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  • Writer's pictureElfreda Manahan-Vaughan

What is non-judgement?


I recently started teaching a new Mindfulness 6 week course, with a group of predominantly beginners. The subject of non-judgement arose when I explained that my own vipassana practice comes from the New Burmese Method. For those of you who know about Mindfulness you will know that non-judgement is fundamental to these practices and you are often asked to let go of your thoughts gently and in a non-judgmental way. It also guides you to see thoughts and simply thoughts and to drop the judgement of them being either good or bad. What makes the New Burmese method different from traditional practices is that you don't have to understand or follow the original Buddhist teachings to practice, as vipassana is the cultivation of mindfulness through paying close attention to your experience, thoughts, and body in the moment.


Another key difference is that it doesn't involve adhering to the strict ethical norms of the Buddhist monastic life such as the Eightfold path. It is this aspect that I have enjoyed, as it opens the practices to a much wider audience. The Noble Eightfold Path are as follows, Right Understanding, Right Thought, Right Speech, Right Action, Right Livelihood, Right Effort, Right Mindfulness and Right Concentration. These are not meant to be interpreted as prescriptive, as in there is only one way, or a right way, to do things or live, but more do with ethical conduct, mental discipline and wisdom. What is different in the New Burmese method is that it does not adhere to a right way but more focuses on things being as they are in the moment and you must respond in that moment mindfully without judgement and for the good of all. You could argue that that is the same things in different words and perhaps it is but for me one thing stood out.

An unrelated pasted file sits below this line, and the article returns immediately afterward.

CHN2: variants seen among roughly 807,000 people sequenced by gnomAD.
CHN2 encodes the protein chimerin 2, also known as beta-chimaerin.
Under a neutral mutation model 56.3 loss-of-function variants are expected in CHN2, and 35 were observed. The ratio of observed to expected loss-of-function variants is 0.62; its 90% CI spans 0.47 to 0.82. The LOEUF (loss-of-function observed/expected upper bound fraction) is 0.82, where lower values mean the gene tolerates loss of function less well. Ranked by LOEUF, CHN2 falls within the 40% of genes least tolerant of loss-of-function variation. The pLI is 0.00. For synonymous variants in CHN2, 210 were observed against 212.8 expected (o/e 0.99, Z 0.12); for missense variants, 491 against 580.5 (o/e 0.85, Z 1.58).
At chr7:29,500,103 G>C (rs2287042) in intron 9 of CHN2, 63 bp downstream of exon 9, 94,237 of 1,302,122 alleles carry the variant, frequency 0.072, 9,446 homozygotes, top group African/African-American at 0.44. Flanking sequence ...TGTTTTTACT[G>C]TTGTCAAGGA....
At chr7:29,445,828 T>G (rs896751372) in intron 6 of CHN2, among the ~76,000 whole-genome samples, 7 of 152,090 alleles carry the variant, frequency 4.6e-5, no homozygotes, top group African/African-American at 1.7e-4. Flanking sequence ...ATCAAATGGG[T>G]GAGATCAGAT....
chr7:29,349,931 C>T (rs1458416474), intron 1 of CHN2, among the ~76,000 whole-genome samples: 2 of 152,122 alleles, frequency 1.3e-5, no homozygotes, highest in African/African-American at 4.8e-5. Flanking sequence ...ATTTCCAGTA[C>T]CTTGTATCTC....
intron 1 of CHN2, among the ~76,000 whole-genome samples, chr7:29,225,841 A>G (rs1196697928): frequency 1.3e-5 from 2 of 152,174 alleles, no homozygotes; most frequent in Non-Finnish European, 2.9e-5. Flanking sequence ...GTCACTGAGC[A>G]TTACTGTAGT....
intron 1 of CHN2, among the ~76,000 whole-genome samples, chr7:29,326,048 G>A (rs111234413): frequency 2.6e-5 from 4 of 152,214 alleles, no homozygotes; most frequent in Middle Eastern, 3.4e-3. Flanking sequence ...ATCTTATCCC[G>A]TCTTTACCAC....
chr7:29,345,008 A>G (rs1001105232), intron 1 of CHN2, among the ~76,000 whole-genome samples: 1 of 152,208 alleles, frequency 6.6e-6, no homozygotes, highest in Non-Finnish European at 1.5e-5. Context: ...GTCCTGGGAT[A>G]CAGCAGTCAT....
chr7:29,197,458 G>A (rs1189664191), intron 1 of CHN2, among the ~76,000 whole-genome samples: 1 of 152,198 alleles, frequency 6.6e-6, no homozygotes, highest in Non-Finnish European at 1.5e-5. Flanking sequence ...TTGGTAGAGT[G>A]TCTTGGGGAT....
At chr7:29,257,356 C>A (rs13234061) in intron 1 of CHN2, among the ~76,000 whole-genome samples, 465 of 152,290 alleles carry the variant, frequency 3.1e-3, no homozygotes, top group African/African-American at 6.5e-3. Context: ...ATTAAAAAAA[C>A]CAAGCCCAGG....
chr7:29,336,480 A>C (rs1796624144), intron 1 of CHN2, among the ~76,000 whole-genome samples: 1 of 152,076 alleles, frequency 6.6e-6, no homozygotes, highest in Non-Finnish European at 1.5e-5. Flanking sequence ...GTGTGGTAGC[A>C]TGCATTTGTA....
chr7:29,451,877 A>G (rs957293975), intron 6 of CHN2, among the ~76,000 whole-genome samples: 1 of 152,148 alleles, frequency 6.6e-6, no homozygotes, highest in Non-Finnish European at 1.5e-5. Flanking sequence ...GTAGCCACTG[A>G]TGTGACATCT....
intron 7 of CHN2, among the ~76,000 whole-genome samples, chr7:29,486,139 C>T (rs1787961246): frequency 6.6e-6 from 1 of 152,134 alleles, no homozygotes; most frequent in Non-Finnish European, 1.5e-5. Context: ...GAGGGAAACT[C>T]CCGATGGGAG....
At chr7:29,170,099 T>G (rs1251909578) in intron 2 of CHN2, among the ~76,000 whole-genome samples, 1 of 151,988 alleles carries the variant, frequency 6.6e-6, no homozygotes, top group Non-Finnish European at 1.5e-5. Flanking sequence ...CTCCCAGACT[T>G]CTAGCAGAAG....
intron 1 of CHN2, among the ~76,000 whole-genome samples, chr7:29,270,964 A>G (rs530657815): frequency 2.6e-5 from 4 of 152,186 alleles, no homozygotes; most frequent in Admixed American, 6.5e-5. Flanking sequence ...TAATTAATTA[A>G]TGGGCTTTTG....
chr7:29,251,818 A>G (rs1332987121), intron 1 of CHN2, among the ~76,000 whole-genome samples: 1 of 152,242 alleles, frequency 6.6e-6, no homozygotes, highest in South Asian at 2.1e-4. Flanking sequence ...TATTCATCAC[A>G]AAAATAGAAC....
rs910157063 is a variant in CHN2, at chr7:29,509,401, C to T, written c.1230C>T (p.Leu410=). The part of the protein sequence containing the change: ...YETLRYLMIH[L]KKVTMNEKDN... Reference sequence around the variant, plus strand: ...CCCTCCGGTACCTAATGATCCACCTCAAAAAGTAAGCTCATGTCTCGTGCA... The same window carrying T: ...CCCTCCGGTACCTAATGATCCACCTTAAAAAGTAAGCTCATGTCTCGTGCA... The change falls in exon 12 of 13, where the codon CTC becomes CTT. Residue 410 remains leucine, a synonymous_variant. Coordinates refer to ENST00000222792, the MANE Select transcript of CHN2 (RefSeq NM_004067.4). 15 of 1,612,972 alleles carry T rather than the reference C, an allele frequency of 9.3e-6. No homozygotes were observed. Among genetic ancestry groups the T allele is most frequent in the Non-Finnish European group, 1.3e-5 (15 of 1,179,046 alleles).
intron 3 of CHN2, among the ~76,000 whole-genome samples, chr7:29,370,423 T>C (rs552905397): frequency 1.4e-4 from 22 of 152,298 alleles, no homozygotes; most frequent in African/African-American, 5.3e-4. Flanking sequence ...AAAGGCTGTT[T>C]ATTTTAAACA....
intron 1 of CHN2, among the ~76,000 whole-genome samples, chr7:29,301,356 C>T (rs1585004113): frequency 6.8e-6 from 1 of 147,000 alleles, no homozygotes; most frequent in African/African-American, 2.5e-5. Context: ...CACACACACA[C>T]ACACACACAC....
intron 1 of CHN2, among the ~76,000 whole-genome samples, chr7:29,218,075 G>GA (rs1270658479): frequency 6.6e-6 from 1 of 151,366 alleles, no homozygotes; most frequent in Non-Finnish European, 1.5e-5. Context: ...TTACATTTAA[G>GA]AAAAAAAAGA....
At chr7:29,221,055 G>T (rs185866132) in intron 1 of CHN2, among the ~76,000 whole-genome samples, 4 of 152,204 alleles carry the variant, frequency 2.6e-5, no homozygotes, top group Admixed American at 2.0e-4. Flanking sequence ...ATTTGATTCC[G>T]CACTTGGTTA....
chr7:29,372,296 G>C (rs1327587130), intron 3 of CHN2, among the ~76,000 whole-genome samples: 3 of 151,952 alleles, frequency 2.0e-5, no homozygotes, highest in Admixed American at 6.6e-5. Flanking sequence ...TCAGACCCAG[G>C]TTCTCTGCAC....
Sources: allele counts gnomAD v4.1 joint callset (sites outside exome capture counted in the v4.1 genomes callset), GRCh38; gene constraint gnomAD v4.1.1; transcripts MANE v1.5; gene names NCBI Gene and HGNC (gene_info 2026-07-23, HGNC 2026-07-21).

I can remember clearly when my meditation teacher, at the time, a former Buddhist nun, said 'there is no good or bad, there just is. This moment is neither good or bad and their is no 'right' way to respond there is only what is happening right now and what you are aware of'. In that moment a light when on in my mind. I had spent years reflecting on my experiences of trauma and how 'awful' it was and how difficult my life had been and how unfair but suddenly they weren't 'bad experiences' they were just experiences and what made them bad in my mind was how I viewed them and what society told us we should think about them.


No don't get me wrong, I am not saying that there aren't some horrible things that happen to people, believe me I know, I've had had more than my fair share. What I am saying is that as long as you hold on to the story of them being bad, they keep having hold over you and they stop you from living in the present moment. You can't live in this moment if you are tethered to the past.

I now believe that life is messy and filled with trauma, whether we like it or not. No one gets away without having some bad stuff happen to them. If we choose to live a life that is non-judgemental the we can help people of all walks of life whether we agree with, or like them, or not. It also has allowed me to let go of me need to be attached to my own trauma and view it from the perspective of post-traumatic growth and what benefits and growth it has given me, rather than what it may have taken away. This has been liberating and has allowed me to focus on now. It's helped me to practice vipassana, how I am in this moment and when the past shows up in my reactions or responses, has allowed me to choose how I can be in this moment. The story of who we are and how we got here can be stifling or freeing, I chose to be free and being non-judgemental allows me to do that.

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